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Databases Programming Hardware

Data Locking In a Web Application? 283

Posted by timothy
from the get-offa-my-cloud dept.
An anonymous reader writes "We recently developed a multi-user application and deployed it to our users. This is a web-based application that used to be a Windows application which was written in Delphi using Paradox databases for the client database. In the Windows application, we used the ability in Paradox to lock records which would prevent users from editing the same data. However, in the web application we did not add in a locking facility for the data due to its disconnected nature (at least that's how I was shot down). Now our users are asking to have the locking back, as they are stepping on each others' edits from time to time. I have been assigned to look at best practices for web application locking of data, and figured I would post the question here to see what others have done or to get some pointers to locations for best practices on doing locking with in a web application. I have an idea of how to do this, but don't want to taint the responses so I'll leave it off for the time being."
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Data Locking In a Web Application?

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  • by nanospook (521118) on Thursday September 24, 2009 @11:17PM (#29536399)
    Some interesting ideas here.. Especially the AJAX idea.. However, consider this. Any scheme that involves telling the user "after the fact" that the record has changed is "wasting" the user's/companies time and money, resulting in rework. If your scheme tells you ahead of time that so and so has the lock and you can't, then you save the user's efforts. Of course, I'm speaking generically in that some data entry systems might be ok with multiple edits of the same records.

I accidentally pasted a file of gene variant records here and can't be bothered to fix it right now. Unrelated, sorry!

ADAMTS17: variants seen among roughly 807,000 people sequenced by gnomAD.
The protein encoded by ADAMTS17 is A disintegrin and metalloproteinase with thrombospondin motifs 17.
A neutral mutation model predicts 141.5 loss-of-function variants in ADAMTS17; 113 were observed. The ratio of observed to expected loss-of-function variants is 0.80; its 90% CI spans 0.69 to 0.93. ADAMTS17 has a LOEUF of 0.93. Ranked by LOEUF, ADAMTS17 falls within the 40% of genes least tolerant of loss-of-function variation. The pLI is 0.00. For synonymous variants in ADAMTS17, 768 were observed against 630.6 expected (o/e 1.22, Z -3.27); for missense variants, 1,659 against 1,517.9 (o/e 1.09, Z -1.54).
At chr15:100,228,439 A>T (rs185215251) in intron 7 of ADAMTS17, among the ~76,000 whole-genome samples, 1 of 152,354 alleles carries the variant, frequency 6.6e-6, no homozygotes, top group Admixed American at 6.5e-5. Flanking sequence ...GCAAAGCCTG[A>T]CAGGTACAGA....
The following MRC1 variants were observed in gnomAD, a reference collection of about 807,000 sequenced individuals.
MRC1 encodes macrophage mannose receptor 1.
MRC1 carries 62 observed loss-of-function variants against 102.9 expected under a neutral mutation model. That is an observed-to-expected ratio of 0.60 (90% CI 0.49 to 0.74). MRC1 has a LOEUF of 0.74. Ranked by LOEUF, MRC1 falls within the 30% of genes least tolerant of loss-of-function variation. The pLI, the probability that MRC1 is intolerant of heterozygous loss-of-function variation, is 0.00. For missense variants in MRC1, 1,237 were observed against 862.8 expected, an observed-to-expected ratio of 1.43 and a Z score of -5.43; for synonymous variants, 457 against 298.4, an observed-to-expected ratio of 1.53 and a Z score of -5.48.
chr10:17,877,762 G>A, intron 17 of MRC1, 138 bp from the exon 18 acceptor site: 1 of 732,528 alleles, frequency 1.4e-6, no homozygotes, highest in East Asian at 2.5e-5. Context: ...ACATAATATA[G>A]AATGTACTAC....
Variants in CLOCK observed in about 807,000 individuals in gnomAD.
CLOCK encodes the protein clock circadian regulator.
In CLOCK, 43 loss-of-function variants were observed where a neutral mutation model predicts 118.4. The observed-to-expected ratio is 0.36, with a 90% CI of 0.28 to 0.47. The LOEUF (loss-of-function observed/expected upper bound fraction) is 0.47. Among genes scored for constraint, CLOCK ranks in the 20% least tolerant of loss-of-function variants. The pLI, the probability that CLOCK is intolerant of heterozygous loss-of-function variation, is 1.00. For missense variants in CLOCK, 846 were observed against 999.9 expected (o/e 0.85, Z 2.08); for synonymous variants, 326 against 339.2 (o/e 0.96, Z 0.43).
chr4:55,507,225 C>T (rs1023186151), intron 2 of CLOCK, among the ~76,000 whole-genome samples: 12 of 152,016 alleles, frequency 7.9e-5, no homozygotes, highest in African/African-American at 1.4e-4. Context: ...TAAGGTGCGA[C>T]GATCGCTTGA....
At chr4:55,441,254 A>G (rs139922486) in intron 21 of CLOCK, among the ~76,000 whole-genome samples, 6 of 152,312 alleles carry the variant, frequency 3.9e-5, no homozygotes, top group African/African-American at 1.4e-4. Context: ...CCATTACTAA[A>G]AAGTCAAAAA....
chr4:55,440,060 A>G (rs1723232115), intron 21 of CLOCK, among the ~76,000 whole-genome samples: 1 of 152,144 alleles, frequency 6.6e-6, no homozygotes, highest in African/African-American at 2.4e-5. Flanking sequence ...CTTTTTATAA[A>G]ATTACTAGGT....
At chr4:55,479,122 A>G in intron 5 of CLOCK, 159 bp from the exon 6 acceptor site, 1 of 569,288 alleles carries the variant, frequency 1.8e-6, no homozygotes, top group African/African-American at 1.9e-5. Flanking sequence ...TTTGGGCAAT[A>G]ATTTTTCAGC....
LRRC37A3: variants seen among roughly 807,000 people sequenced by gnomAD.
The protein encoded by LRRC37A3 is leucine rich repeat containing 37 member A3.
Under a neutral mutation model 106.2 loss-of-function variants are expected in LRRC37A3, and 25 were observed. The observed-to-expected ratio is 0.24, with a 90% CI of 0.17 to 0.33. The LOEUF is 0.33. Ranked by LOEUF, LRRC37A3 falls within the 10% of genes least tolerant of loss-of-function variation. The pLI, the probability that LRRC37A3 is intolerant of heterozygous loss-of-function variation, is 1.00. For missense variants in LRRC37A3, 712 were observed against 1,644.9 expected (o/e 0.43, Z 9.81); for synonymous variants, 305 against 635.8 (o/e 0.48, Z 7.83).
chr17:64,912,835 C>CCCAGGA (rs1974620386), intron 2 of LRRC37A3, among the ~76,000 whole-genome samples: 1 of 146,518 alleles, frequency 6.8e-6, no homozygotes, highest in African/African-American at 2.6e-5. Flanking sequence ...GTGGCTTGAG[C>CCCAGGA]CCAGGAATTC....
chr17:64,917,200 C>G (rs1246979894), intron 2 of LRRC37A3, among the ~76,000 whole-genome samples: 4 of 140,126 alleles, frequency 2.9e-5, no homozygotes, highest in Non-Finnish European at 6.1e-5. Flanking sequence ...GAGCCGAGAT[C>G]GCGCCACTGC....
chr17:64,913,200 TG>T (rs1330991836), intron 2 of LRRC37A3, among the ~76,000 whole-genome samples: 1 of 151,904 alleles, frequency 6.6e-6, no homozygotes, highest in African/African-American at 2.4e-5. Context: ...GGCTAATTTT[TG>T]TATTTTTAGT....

• by Anonymous Coward on Thursday September 24, 2009 @11:42PM (#29536537)

    Slashdot is hardly the right venue to get a good answer to this question

    Actually slashdot is really good at this kind of stuff, there was a few dozen relevant, on-topic, well-written replies soon after the question was posted.

    On the other hand, political discussions ... embarrassing.

  • by hibiki_r (649814) on Thursday September 24, 2009 @11:47PM (#29536563)

    +5 Is not enough for the value of the parent post. Optimistic Locking is the right answer in 99% of the cases. The issue then becomes how you want to deal with re-submitted of changes. If the entities to be saved are small and very atomic, asking the user to retype, making sure their changes are still sensible on the modified record makes sense. If your records are very large and/or very complex, then you might consider using some business knowledge to see if changes to the record can be grouped logically, and maybe even committed individually: If someone changed data for X shipment of a purchase order, while someone else changed Y, then the changes don't really have to conflict.

    But whatever you do, build it around optimistic locking: Don't try to lock a record because somebody just has it open somewhere on a remote location. That path leads to madness.

  • Re:heh (Score:4, Insightful)

    by IntlHarvester (11985) * on Thursday September 24, 2009 @11:50PM (#29536581) Journal

    Actually, I don't blame them. The first instinct of people coming from a client-server background is to introduce to some form of record locking. Since this isn't "in the box" with web app frameworks, it makes sense to push back on the feature until you have user feedback or other analysis that it's actually required. Otherwise you are spending valuable time coding/debugging a feature that will rarely ever be used.

  • by Dexx (34621) on Friday September 25, 2009 @12:01AM (#29536627) Homepage

    To ensure the edit isn't lost, we handle this by kicking the user back to the form with a message. You could go one step further and get the modified record from the DB, then highlight the field in question and give the user the option to keep/override. You could make it more intelligent by detecting the collision, analysing the difference, then committing if no fields conflict. Depends on the business logic, I guess.

  • by mindstrm (20013) on Friday September 25, 2009 @12:25AM (#29536709)